I understand that you have similar hardware in this review, and I'm curious what you did with the Biostar motherboard, and where you got stability. I cant get stability between 217-250 on FSB. I have no idea where my memory will be stable at, except 1333 at 200 and 1000 at 250 with insanely high voltage increase.
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# List of specs.Zac 2010-12-04 17:19
AMD Athlon II x3, Propus w/ 4th core, no L3.
Biostar A880G+ mboard
Radeon 4870 1GB
600watt PSU, 80%
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# RE: AMD Athlon-II X3-445 AM3 ProcessorHank 2010-12-05 06:44
Hi Zac,

First off, my best guess at your problem would be that the 4th core you unlocked is probably bad and causing all your problems. Have you tried leaving that core disabled and overclocking?

Also, remember that AMD motherboards don't have an FSB, they have an HT Link and the "Bus speed" you are increasing for your overclock is just CPU/HT Reference clock. Your memory shouldn't have trouble adjusting to the increasing reference clock that much.

Rather than downclocking your memory, try increasing the memory latency to 9-9-9-27. I'd leave the memory voltage alone. If you need to increase the NB voltage because of the higher reference clock, I'd stay south of 1.4v. Also, I'd stay lower than about 1.6v on your CPU voltage, especially because the A880G+ doesn't have a MOSFET Heatsink or anything.

First, though, try disabling that fourth core. I'll bet you have much better luck overclocking after that.
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# comparison tablepaulo 2010-12-07 08:44
I would like to know which Intel processor is equivalent to the AMD Athlon II X3 - 445 - 3.1GHz ?
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# Comparible Intel CPUHank 2010-12-07 09:09

I suppose that depends on a lot of variables. Where price is concerned, a Pentium Dual-Core, maybe a E5400 or thereabouts will be the closest comparison. However, the X3-445 will easily outperform a Pentium Dual-Core E5400. Where performance is concerned, I would say the X3-445 falls between an i3-560 (about twice as expensive) and an i5-650 (about $100 more than the X3-445). Of course, that's all relative, because the i3-560 and i5-650 both have an L3 cache while the X3-445 doesn't. Additionally, they have other features such as an on die GPU that the X3-445 doesn't have. So really, that's a difficult question to answer. What exactly are you after? Price? Performance? A middle-ground between the two? A lot will depend on your other hardware as well.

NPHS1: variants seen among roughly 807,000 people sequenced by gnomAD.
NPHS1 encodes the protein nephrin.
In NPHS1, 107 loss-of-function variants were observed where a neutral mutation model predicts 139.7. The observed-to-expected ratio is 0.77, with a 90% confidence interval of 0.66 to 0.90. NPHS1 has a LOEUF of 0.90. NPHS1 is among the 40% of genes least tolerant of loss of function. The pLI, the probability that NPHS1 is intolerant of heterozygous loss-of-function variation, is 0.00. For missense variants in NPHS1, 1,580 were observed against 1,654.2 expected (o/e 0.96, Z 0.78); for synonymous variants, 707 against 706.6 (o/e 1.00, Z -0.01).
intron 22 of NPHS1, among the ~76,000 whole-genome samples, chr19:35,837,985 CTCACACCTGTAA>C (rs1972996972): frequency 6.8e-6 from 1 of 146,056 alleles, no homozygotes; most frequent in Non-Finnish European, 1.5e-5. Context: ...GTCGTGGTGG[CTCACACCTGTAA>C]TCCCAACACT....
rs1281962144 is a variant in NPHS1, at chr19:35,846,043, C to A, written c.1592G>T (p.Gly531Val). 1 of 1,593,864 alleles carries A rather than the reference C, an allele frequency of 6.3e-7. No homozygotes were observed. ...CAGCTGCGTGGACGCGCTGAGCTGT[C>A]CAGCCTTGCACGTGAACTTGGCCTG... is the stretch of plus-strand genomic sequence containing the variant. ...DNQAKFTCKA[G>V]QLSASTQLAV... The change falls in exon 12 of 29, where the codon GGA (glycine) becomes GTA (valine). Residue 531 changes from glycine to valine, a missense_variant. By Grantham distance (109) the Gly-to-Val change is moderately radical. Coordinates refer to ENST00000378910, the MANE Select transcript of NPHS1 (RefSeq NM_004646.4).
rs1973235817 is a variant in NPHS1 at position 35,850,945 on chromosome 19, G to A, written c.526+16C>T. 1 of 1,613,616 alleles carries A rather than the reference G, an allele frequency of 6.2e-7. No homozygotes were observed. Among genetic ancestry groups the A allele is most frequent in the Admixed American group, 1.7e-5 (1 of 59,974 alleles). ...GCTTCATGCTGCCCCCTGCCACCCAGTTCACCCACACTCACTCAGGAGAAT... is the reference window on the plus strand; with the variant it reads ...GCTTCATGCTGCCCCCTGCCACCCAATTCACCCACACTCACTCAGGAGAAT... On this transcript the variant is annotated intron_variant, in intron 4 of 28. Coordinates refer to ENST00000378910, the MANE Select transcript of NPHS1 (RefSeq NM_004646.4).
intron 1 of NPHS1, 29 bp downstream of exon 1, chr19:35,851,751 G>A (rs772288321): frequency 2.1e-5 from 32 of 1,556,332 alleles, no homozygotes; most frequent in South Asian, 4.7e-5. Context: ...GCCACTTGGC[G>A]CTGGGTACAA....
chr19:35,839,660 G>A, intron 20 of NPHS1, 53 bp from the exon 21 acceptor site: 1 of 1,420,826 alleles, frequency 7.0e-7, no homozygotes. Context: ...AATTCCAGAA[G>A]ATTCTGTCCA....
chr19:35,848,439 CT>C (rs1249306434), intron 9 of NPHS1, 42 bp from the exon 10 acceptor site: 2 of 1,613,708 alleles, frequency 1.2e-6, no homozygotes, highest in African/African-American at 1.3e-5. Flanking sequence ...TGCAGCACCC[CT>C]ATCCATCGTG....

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# RE: Comparible Intel CPUpaulo 2010-12-07 09:36
I need to know an equivalent in performance (MHz) in some other Intel processor for my "future" Athlon-II X3 445 3.1 MHz.

I haven't bought the processor yet, I'm just waiting for an answer to whether the comparison is worth buying the Athlon or not.

sorry about the english, I used Google...
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# Comparible Intel CPUHank 2010-12-07 13:28

Zac is right, the X3-445 outperforms much more expensive processors from Intel. My recommendation would be that, unless you want to do some very CPU intensive tasks, the X3-445 is a great processor and you won't find an equivalent for the same value on the Intel side.

By the way, what language do you speak? Porque si hablas espanol, podemos hablar en tu propio idioma y no tendras que usar Google para traducir.
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# languagepaulo 2010-12-07 14:42
dear Hank,

I speak portuguese...

Hank what happens is that I'm building a computer for a client, this client asked me to see how would the final price of the computer with this processor Athlon-II X3 445 3.1 MHz.

Then, the client remembered that a 3.1 MHz AMD processor "is not" the same as an Intel processor with 3.1 MHz and the client asked me to find a "table of equivalence" between Intel and AMD...

and this table is that I'm looking for the fastest possible because the customer wants the budget of the computer on Friday...

thanks a lot...
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# Intel 3.1GHzHank 2010-12-07 16:01
Unfortunately, I don't speak portuguese. :(
As far as clock speed is concerned,
The i3-550 is 3.2GHz and costs about $129.
The i5-650 is 3.2GHz and costs about $179.
The AMD X3-445 is 3.1GHz and costs about $79.

In most benchmarks, the X3-445 will perform better than the i3-550 and slightly worse than the i5-560. Again, it really depends on the types of things your client will be using the computer for. For most applications the X3-445 is much better for it's price. For 3D rendering, video encoding, or, frankly, file compression, the Intel CPUs will outperform the X3-445 and might be a better choice.